The Modesto City Schools board put a priority on future growth as it divided the district’s large high school territory into seven trustee areas. The change to electing seats by neighborhood will start this November, deciding a majority of board seats.
The map chosen Monday has four trustee areas that will in large part represent Modesto City Schools elementary students, who make up more than half the district’s enrollment and mostly live in the city’s urban core. But the attribute that drew favorable comment from trustees was that no other map split the growing northeast area, making Map 3 the least likely to need major changes after the 2020 census.
The vote to pick Map 3 was unanimous. The choice of when each area would switch, however, split the board with a 4-3 vote, with trustees Steve Grenbeaux, Chad Brown and President Sue Zwahlen dissenting.
The timing of the election delays voting for representation of Area 7, covering the most densely Latino neighborhoods of south Modesto, until at least 2019. The move drew the only sharp disagreement of the night at the poorly attended special meeting.
Areas 1, 2, 3 and 5 will have elections in November. Areas 4, 6 and 7 will fill seats in 2019.
Members Amy Neumann and John Walker raised concerns that a race in November would prove too tight a time line for political novices. Trustees David Allan and Cindy Marks joined them in the vote.
“(Running) is expensive even if you do this cheap,” Walker said. “Having run an election, you sort of had to be thinking about this four, five, six months ago.”
But after the vote, Grenbaux questioned its wisdom. “So you’re saying that Area 7, which is a predominantly Hispanic area, will not be able to vote for a new person until, what, 2019? Is that the intent of this district? Is that our intent to eliminate this chance for a Hispanic to be elected. It’s what you just did,” he said.
So you’re saying that Area 7, which is a predominantly Hispanic area, will not be able to vote for a new person until, what, 2019? Is that the intent of this district?
The long-awaited split comes nearly a decade after the city of Modesto became the first entity sued under the California Voting Rights Act over the issue of disenfranchising Latino voters. Modesto lost, as has every city and school district since, MCS attorney Roman Muñoz said during fall information sessions about creating trustee areas. It was advocacy by members of the Latino Community Roundtable that helped push most Stanislaus County districts to divide in recent years.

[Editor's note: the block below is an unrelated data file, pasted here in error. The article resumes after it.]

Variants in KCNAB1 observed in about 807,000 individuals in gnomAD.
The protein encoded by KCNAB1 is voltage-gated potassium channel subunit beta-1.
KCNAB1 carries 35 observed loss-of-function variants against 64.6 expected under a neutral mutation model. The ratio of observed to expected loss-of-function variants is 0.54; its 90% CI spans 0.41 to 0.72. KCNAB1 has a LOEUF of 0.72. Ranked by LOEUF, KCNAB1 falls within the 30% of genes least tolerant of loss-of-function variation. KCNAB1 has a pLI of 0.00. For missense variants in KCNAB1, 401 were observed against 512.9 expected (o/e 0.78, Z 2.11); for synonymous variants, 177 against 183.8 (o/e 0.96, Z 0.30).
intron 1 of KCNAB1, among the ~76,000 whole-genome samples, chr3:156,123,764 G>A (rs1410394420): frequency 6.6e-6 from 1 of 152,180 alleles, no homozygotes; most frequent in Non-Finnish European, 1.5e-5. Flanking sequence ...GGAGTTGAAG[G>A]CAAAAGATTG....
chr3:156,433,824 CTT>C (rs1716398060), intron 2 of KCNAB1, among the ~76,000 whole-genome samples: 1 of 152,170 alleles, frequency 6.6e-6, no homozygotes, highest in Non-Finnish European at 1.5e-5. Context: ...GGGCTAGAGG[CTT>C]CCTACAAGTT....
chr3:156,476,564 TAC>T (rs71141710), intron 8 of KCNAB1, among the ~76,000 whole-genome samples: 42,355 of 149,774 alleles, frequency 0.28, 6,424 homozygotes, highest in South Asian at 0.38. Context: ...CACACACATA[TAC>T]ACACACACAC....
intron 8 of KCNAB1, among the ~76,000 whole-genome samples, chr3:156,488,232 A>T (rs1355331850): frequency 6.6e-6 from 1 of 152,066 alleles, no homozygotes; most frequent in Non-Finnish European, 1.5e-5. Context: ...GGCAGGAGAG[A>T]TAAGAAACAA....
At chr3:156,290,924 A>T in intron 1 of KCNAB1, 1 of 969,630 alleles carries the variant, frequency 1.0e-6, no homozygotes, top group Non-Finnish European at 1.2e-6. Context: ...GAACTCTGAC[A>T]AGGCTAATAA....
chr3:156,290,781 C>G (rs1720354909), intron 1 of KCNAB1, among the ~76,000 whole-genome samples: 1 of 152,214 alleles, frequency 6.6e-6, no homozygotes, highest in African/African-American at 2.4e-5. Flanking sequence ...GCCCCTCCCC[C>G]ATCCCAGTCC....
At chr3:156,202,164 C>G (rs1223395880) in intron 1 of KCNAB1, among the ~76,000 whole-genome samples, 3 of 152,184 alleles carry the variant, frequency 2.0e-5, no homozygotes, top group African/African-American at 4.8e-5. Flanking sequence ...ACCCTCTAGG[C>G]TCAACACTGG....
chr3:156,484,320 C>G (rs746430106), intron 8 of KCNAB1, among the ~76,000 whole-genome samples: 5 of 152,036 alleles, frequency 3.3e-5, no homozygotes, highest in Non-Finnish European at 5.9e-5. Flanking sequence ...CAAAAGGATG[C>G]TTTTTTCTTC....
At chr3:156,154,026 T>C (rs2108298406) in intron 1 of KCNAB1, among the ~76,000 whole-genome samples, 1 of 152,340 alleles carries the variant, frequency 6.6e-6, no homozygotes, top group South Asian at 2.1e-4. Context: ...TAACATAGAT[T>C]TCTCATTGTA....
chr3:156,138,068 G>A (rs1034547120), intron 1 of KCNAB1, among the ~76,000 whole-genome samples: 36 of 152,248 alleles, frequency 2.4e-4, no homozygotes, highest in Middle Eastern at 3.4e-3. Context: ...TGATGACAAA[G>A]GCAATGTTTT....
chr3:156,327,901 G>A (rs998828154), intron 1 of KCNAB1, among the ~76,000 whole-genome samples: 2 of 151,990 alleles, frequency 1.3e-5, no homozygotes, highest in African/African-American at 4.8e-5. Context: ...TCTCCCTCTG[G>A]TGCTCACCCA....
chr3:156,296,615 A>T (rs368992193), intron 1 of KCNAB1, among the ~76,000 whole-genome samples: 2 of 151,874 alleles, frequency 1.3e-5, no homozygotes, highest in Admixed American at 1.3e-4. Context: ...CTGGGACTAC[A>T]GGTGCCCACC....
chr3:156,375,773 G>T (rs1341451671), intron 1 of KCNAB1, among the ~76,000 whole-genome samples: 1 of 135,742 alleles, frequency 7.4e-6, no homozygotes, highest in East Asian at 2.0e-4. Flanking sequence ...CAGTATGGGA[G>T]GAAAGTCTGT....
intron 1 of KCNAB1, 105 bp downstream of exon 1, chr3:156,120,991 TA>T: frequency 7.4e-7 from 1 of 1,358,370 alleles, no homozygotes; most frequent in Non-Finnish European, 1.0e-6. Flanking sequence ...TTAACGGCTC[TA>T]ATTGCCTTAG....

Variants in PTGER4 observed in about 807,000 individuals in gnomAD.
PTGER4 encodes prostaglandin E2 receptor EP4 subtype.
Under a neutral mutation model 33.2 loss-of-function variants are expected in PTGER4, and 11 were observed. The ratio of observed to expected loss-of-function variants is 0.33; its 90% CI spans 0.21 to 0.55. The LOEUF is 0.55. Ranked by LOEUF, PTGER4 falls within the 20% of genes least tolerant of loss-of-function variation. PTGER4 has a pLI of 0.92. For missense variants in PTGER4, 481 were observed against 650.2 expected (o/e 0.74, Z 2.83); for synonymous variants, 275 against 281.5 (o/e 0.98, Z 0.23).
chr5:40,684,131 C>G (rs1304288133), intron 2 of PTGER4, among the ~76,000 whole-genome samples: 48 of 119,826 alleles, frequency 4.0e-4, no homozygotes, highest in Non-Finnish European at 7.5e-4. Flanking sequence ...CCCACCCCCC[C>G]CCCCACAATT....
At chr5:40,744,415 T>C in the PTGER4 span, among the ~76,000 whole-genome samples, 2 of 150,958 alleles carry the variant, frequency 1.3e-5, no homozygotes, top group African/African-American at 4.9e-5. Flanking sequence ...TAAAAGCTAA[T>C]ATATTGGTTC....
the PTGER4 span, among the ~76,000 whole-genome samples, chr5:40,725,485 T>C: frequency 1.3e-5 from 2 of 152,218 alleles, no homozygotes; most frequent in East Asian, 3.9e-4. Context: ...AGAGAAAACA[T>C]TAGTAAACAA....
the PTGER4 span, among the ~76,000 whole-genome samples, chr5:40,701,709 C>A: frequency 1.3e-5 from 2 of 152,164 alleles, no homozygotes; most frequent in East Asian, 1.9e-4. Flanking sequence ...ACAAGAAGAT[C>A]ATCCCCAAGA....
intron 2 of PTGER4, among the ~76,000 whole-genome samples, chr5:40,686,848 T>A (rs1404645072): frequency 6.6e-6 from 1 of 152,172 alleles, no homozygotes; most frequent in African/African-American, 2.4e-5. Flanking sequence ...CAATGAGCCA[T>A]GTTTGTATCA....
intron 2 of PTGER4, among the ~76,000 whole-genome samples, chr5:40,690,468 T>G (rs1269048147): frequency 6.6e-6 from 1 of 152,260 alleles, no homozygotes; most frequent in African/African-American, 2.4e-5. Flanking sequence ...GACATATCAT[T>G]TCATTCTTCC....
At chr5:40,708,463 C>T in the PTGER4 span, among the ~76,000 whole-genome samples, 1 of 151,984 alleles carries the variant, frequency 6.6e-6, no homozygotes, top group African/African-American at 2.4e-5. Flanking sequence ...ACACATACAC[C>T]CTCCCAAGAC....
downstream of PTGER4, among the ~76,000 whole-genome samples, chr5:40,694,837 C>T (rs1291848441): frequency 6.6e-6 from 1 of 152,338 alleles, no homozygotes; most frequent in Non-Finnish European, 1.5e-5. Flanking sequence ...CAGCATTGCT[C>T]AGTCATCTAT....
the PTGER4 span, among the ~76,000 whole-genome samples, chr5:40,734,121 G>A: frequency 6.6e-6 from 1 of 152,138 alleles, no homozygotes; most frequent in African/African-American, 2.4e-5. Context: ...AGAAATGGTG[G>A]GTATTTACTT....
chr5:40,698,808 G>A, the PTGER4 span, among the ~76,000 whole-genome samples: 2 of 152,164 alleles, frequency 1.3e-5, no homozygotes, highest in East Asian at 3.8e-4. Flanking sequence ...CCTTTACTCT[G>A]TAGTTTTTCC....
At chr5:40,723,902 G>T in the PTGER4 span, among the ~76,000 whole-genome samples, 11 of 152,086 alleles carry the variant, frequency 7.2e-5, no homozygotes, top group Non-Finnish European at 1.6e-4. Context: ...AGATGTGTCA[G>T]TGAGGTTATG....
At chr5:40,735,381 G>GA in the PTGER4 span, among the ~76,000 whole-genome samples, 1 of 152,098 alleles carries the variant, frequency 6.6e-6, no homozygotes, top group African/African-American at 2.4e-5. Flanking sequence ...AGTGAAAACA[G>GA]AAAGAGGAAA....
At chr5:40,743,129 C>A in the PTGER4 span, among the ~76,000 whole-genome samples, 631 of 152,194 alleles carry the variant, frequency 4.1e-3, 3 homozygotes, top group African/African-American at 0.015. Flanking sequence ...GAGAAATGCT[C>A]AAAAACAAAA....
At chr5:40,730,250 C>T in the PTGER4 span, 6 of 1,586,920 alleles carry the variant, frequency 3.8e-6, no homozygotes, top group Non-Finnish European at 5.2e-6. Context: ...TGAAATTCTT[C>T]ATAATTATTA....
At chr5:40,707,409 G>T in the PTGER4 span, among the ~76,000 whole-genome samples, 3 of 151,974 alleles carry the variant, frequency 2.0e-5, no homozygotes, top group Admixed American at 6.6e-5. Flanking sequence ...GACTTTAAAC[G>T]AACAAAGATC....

Modesto’s Map 3 has two other areas with large Latino communities that will move forward with races in November. Areas 2 and 5 are both represented by sitting trustees whose terms end this year. Area 5 stretches east, bisected by Yosemite Boulevard, encompassing the Empire Union School District and trustee Allan’s home.
Area 2, covering the college area and central Modesto, is home to Zwahlen, who faces re-election in November, and Amy Neumann, whose term ends in 2019. By proposing the switch of Area 2 and Area 7 for the 2019 election, Neumann in essence gave up her seat to give potential Area 7 candidates more time.
The four seats being elected in November will serve Areas 1, 2, 3 and 5, all with trustees whose terms end this year. Area 1 covers the Salida and Del Rio communities in north Modesto, where Marks lives. Neighboring Area 3, running north from Beyer High to include eastern Riverbank, includes Brown.
My intent was to give someone an opportunity in a predominantly Latino district to put together a campaign. It’s almost May.
The three seats that will wait until 2019 are Areas 4 and 6, both with sitting trustees whose terms end in 2019, and Area 7, which has no representative.
Area 4 serves the Naraghi Lakes and Enochs High areas of northeast Modesto, where Walker lives. Area 6 has a large western region covering Hart-Ransom, Shiloh and Paradise elementary districts, and nosing into central Modesto, including Grenbeaux’s home address.
National Demographics Corp. prepared the Modesto City Schools electoral maps, as it did for the city of Modesto when it split. President Douglas Johnson led explanatory portions of meetings leading up to the split.
There were four public forums to get feedback. Zwahlen went to each of them, seeing between one and four community members at each.
School board meeting regular and past candidate Rickey McGill was one of only three community members to attend the final vote Monday, and was the only person to offer a comment.
“How can we really, truly say the public had any input?” McGill said, “I still think community organizations should have been involved.”